“Being among the first grad students—that was interesting,” says Mike. “I remember when we first came to campus, some of the undergraduates weren’t so excited about having men on campus. We’d see messages written in chalk on the sidewalk—let’s keep Chatham all women, things like that.” “I can’t say enough about the relations we still have with our professors, like Pat Downey and Sue Perry,” says Mike. “That says so much about the program, that they’ve been able to hang on to the original professors. There was a time when (Professor of Physical Therapy) Sue Perry and I were both working at the Rehab Institute. That was unreal, working side-by-side with her, after she had taught us so many things.” After graduation, Holly started working at the Rehabilitation Institute of Pittsburgh. She encouraged Mike to apply, and he did. He got in. About a year later, they started dating, and today, they have four kids.

“I always say that Mike was the first ever male to graduate from Chatham, because students graduate alphabetically,” says Holly. “That’s why we say we have the first Chatham baby—our son Michael. We gave Esther (Barazzone, Chatham’s 18th president) a photo of him as a baby wearing a Chatham sweatshirt. Now that baby’s going to be 13.”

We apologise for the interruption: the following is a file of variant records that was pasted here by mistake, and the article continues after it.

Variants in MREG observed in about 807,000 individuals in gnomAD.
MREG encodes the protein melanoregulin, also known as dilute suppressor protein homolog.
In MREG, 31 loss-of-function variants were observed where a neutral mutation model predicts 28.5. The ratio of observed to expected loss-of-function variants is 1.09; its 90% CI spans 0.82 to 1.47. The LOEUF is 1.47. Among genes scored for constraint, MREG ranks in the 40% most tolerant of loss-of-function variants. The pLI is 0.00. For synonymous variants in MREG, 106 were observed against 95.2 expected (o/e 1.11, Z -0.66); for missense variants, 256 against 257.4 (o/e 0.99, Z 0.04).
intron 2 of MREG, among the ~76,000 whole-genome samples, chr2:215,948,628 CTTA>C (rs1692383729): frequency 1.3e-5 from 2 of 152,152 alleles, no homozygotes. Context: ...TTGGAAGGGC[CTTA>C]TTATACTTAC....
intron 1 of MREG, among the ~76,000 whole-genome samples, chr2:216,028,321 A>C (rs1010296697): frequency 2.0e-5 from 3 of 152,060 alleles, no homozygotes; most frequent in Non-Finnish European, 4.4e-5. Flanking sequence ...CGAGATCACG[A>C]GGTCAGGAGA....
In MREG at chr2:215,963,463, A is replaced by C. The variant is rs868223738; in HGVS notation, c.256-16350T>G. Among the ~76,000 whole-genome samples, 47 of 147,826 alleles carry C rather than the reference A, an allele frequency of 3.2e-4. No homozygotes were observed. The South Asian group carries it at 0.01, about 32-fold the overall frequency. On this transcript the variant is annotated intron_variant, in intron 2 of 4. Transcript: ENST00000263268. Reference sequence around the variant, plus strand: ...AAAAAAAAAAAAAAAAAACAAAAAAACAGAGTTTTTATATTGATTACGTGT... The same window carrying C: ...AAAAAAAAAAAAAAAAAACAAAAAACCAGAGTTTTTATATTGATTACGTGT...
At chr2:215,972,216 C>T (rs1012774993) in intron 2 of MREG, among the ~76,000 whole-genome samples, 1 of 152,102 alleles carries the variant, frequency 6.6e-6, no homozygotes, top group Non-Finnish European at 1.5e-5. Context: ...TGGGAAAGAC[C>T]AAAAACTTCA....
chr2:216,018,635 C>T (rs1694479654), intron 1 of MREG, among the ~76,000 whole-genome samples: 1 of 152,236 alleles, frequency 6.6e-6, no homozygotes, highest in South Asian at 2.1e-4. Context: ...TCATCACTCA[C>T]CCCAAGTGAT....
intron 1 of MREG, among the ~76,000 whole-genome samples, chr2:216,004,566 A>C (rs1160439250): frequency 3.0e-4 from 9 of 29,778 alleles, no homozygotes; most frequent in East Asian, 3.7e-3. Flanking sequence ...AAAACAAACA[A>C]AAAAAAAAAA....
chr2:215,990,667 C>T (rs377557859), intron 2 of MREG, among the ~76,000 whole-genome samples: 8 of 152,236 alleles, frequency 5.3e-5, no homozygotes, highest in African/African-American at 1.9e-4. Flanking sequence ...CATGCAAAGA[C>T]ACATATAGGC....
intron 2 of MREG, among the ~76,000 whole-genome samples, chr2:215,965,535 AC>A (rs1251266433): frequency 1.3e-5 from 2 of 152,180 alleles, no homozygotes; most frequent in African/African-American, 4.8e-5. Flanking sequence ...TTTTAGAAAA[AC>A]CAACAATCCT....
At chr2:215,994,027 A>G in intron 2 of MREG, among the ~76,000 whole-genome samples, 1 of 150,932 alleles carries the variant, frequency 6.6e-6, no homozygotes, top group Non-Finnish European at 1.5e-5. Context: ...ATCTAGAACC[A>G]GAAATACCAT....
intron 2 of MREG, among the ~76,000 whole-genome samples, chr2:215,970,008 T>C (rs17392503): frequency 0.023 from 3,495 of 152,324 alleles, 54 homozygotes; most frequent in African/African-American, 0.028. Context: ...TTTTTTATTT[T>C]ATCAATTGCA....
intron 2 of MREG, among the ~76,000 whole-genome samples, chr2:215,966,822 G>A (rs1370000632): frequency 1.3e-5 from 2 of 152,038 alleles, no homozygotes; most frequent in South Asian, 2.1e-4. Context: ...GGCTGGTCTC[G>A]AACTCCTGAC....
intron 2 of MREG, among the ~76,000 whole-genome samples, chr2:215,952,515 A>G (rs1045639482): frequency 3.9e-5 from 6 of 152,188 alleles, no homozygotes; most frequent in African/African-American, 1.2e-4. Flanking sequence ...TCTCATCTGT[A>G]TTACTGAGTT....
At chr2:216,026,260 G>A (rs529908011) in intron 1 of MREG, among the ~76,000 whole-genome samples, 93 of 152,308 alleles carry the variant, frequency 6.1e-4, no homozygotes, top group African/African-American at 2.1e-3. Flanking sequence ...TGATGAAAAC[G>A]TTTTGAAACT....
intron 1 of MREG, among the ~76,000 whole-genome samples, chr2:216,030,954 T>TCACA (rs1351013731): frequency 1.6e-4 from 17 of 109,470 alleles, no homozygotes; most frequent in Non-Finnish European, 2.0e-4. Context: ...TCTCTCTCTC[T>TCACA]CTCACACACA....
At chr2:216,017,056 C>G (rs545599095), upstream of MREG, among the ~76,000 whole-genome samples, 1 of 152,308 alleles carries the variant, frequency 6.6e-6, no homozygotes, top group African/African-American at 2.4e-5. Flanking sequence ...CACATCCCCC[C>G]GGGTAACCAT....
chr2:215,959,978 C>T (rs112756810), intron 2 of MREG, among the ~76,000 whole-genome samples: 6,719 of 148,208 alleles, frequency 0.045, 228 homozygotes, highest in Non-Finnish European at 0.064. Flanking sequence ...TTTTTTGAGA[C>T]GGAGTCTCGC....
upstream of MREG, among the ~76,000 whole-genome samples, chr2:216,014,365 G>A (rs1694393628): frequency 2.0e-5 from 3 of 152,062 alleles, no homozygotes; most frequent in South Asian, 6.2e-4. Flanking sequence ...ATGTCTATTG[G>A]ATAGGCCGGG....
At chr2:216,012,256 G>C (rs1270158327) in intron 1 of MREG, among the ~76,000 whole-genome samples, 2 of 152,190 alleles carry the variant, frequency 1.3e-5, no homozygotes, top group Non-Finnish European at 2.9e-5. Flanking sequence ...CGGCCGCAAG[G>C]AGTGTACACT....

In 2001, Mike started his sole proprietorship, Wellness for Life, working privately with clients in their homes who had had a stroke or other type of brain injury. In 2006, they opened a space at the corner of Forbes and Shady avenues in Squirrel Hill, and began seeing a mix of clients. “I’ve been working with three of my current private clients for 15 years,” he says. “It’s an unbelievable experience to get to work with someone for that long. I learn a lot; they learn a lot. It becomes a different kind of therapy when it’s ongoing.”

Wellness for Life prides itself on providing one-on-one care throughout the spectrum of life, and since 2006, Holly has been working on the other end, doing early interventions for children aged 0-3 throughout Allegheny County. “It’s a big privilege,” she says. “I go into homes and meet families and their baby or child who has been identified as developmentally delayed. I can teach them things while I’m there, and I evaluate them to see if they qualify for services paid for by the state. I can recommend therapies outside of PT too, like speech or OT. I love it and can’t see myself doing anything else.”